However I came across this piece by the Wikimedia Foundation's Oliver Keyes yesterday, in which Keyes lays into Roth and into the mainstream media for believing Roth uncritically. The fact is that this has been a media disaster for Wikipedia, and it's just possible that Wikipiedia could have handled it better. I posted this comment on Keyes' piece, but I do not know if he will publish it.
I realise of course that the fuss is entirely Roth’s fault for failing to read up properly on Wikipedia’s policy and procedures, and writing about them only from the perspective of a grumpy old man who found it difficult to make the improvement he wanted to an article which he thought he was in a good position to know about.Edited to add rosefox, below, and Keyes on his blog, point out that I am completly wrong about Wikipedia's lack of visible press contacts. Note also a response from "A Wikipedia admin" making it clear that it is all the outside world's fault and that Wikipedia is right.
However, the fact is that Wikipedia does not, anywhere, offer an answer to the question, How do I fix inaccurate information about me and/or my organisation on Wikipedia? In fact, Wikipedia’s answer to that question is, basically, “You can’t.”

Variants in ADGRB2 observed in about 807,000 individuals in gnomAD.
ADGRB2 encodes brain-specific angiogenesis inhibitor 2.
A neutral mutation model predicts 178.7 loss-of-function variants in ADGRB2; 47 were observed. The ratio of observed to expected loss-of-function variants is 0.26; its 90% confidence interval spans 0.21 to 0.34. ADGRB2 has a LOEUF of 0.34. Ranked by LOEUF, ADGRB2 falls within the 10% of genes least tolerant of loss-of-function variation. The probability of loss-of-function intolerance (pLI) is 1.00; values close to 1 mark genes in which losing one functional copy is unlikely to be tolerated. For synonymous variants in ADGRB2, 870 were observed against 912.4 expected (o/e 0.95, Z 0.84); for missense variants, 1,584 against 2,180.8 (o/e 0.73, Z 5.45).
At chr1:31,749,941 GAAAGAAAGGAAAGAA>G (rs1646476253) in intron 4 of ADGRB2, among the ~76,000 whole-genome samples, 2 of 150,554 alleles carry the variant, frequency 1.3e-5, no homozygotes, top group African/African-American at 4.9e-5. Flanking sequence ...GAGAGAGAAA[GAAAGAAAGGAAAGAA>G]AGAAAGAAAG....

So what do people do in that situation? Those with time and inclination will set up sock-puppet accounts to make the change anyway. The socially powerful will reach out to the media and demand that the change be made, as Roth has done. Those without time or power will shrug and walk away, determining that they won't bother to interact with Wikipedia in the future. Those behaviours are actually encouraged by the way Wikipedia works.
That's one thing. The other is that this affair has been a complete media win for Roth and a serious hit to Wikipedia's reputation. It is true that almost all the media coverage took Roth at his word and failed to give Wikipedia's side to the story. Whose fault is that? Perhaps there is nobody at Wikipedia charged with dealing with the press, and/or with with digging into the details of public disputes to ensure that Wikipedia's side of the story is given. Certainly a journalist wanting to call Wikipedia to get their side of the story would probably stop looking for a phone number or email contact after a few minutes of frustrated poking around the site. So since nobody is the press contact for Wikipedia, it is nobody's fault, I suppose.
Choices have consequences. Wikipedia has chosen to make it difficult for people to change inaccurate information about themselves, and that choice has the consequence that grumpy old men like Philip Roth will complain in public that his word isn't good enough, and that smarter people will undermine your system and use pseudonyms to make the changes they want anyway. Wikipedia has chosen not to bother engaging with the media on the assumption that any interested party can easily review the changelogs and the talk page discussions, and that has consequences when a journalist is writing to a deadline, and finds that one side of the story has provided them with a good narrative and the other hasn't.